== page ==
When did you decide you wanted to take a swing as a contestant? When the show first aired in 1999, hosted by Regis Philbin, you had to call in and answer questions with your touch-tone phone. The questions were very difficult, and it was before using the internet was common. They asked questions like, “Put the following watch brands in order of when they were brought to the market.” After months of trying, I gave up. Then two years ago, I saw that they were auditioning contestants, and I waited in line for a live audition. I passed the knowledge test, but didn’t make the cut after the interview. I was very disappointed, but figured that the odds were small that people make it on.

Because of that, I almost didn’t bother the second time when I saw they were auditioning. I am glad I did. There’s a life lesson in there, I’m sure!

What is the application process like? The application process for “Millionaire” was more onerous than Jeopardy. For Jeopardy, I went to the studio, took a test, passed it and played a quick mock game. They called me with a tape date and told me to bring my driver’s license and three changes of clothing. “Millionaire” was an extensive set of personal questions, then two live video interviews. One, testing knowledge, and one to see how you answer questions.


Once chosen, there is more you have to do: answer more questions, fill out paperwork for you and your plus-one, and send pictures in different outfits you and your plus-one want to wear. You can’t wear blue; I discovered that most of my nice clothes are blue! Luckily I had a nice tan suit I bought when I was an officer in the teachers’ union and wanted to look nicely dressed when representing teachers.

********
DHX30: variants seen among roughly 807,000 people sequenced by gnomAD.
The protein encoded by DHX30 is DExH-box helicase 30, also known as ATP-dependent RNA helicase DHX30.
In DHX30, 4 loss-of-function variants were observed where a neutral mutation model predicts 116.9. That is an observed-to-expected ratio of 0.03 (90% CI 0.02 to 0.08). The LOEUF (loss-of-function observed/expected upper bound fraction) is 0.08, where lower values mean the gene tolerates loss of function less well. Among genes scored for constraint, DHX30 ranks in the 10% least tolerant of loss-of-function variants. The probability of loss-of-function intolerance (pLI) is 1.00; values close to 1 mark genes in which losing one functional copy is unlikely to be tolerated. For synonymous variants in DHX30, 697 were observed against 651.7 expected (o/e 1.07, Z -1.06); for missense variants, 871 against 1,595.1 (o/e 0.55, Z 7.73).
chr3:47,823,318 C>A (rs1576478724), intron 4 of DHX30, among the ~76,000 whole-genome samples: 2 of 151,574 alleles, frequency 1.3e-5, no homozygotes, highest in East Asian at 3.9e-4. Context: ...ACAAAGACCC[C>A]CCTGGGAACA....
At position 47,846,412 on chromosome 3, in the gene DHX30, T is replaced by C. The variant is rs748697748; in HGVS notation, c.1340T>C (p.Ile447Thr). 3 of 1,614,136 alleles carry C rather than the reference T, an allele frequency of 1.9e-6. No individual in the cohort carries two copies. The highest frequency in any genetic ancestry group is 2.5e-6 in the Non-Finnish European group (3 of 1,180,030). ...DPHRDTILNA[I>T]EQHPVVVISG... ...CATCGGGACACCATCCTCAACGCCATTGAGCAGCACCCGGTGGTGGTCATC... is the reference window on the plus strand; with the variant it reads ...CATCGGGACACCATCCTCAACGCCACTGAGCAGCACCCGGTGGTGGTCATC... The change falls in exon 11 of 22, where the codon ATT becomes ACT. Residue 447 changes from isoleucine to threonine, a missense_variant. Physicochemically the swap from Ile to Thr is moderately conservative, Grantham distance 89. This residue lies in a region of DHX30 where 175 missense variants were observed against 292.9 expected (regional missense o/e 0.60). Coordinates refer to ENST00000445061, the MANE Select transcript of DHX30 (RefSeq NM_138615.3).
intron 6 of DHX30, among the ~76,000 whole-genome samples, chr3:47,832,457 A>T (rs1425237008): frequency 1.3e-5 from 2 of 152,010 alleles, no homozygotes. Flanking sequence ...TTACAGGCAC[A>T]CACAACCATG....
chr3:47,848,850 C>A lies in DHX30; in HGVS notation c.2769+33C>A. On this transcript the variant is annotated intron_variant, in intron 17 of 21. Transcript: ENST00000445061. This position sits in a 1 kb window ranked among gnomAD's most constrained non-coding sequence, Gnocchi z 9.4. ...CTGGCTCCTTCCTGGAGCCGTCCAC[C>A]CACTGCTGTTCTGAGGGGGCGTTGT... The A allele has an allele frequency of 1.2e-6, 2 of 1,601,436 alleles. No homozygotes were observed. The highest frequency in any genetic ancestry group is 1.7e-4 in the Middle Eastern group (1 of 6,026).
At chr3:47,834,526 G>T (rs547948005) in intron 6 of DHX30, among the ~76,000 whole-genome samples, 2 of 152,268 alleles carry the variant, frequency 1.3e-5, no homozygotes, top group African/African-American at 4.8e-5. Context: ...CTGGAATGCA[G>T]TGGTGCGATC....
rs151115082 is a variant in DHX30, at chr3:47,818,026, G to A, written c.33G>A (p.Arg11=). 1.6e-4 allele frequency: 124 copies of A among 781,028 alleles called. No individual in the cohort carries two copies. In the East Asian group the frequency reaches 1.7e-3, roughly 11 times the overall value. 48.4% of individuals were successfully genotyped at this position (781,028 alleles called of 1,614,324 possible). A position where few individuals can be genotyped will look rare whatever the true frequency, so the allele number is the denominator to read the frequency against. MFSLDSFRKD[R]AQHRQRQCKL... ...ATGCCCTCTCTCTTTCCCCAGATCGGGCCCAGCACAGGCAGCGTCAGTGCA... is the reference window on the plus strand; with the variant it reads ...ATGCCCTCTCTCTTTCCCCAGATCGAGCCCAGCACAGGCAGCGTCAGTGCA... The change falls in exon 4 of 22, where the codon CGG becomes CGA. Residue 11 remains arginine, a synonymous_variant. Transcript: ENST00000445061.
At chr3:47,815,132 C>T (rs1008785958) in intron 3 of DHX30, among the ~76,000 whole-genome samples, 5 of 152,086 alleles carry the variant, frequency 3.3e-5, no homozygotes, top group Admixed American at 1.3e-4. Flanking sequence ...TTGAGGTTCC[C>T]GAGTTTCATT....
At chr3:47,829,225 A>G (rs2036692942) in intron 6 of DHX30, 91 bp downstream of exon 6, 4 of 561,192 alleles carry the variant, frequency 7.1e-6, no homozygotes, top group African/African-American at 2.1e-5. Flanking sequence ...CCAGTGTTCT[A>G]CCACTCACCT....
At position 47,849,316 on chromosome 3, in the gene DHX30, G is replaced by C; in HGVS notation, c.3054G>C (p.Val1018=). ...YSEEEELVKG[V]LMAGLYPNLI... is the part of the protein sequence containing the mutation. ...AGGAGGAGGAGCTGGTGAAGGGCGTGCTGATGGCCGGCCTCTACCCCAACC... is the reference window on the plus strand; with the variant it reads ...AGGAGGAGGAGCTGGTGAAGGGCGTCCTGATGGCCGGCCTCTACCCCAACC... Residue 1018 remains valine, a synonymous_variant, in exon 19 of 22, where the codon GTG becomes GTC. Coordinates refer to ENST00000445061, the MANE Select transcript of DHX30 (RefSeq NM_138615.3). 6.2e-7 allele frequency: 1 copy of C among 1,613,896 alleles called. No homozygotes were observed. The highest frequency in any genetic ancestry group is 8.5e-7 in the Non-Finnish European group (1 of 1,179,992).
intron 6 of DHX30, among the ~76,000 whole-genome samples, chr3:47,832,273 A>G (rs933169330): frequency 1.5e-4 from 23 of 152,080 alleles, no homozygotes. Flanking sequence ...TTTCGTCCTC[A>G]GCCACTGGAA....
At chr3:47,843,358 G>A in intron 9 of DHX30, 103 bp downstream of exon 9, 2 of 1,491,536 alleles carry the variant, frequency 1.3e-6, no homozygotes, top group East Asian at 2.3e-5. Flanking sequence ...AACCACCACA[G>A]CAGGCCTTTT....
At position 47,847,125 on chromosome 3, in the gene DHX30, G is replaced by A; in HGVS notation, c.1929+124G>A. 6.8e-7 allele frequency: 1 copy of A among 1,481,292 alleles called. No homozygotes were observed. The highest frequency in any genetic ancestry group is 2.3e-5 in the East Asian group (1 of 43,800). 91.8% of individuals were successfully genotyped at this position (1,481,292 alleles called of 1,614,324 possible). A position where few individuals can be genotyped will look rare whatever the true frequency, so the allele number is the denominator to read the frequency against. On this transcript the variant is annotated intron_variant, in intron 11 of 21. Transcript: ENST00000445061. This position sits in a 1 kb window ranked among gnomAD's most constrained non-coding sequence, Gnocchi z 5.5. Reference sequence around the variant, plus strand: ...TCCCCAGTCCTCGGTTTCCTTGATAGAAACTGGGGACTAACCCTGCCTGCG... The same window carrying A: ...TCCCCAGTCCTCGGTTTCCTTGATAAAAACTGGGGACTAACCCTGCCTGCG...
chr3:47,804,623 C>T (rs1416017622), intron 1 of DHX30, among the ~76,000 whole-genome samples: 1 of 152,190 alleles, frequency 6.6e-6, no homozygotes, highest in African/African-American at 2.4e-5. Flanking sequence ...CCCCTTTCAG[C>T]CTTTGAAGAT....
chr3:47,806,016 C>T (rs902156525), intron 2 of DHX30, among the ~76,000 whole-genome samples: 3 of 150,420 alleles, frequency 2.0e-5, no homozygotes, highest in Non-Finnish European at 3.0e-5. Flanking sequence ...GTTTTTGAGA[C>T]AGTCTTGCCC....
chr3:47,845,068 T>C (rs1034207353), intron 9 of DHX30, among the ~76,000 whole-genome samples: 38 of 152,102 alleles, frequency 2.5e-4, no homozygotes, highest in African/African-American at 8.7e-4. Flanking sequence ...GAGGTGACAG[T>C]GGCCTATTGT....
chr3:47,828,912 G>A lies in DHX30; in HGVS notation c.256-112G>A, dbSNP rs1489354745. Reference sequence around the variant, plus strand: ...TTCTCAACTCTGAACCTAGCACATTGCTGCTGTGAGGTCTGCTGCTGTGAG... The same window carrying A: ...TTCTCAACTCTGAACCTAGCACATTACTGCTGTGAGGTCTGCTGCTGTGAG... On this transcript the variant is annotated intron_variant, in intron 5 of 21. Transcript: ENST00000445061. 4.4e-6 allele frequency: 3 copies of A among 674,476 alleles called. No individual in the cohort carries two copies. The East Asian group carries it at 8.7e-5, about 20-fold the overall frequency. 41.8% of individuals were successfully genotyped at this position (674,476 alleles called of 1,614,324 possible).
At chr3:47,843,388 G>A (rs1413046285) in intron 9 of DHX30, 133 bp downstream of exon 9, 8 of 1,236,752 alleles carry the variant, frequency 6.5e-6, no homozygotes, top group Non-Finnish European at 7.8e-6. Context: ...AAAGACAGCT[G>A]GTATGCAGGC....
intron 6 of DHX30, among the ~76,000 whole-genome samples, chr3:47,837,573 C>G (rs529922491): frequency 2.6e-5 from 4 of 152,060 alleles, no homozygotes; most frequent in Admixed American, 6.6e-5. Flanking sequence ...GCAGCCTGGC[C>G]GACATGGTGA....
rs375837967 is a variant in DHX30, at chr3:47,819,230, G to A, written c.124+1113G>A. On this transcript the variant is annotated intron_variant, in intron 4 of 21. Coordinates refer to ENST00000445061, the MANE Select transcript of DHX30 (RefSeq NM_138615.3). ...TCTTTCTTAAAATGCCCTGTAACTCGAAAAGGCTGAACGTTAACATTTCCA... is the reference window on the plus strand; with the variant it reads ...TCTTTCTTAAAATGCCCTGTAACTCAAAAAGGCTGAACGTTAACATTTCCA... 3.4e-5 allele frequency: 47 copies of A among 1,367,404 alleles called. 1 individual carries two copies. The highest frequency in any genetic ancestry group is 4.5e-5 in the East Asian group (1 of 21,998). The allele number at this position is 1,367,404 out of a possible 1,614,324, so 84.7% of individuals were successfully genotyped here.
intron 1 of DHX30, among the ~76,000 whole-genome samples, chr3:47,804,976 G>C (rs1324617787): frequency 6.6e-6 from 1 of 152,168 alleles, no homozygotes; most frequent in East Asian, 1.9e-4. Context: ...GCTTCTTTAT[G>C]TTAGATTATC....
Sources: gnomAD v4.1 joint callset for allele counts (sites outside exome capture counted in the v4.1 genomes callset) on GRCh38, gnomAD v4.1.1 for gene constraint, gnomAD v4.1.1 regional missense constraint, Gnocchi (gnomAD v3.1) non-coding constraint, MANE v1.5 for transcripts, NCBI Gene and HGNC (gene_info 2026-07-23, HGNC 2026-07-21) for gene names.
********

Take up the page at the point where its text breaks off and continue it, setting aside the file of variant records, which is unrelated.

What was it like being on the big stage of Millionaire? The show films in Las Vegas in a huge open space. The waiting area for the contestants has an open ceiling (like most of our camps in Maine) so we could hear the games going on. The sound of the music and audience was really loud. It was nerve wracking, especially wondering if you would tape that day or have to come back the next day and have another sleepless night. Luckily, the games before me went quickly,and it was my time. They had rehearsed with us ahead of time, and took us through, literally, step by step. The crew was fantastic. They made us feel confident that we would do well if we read the questions carefully. If people wonder why the contestants talk so much when answering the questions, it’s because it really helps. A nice man who taped the same day as I did, went too quickly with an easy question, and walked away with nothing.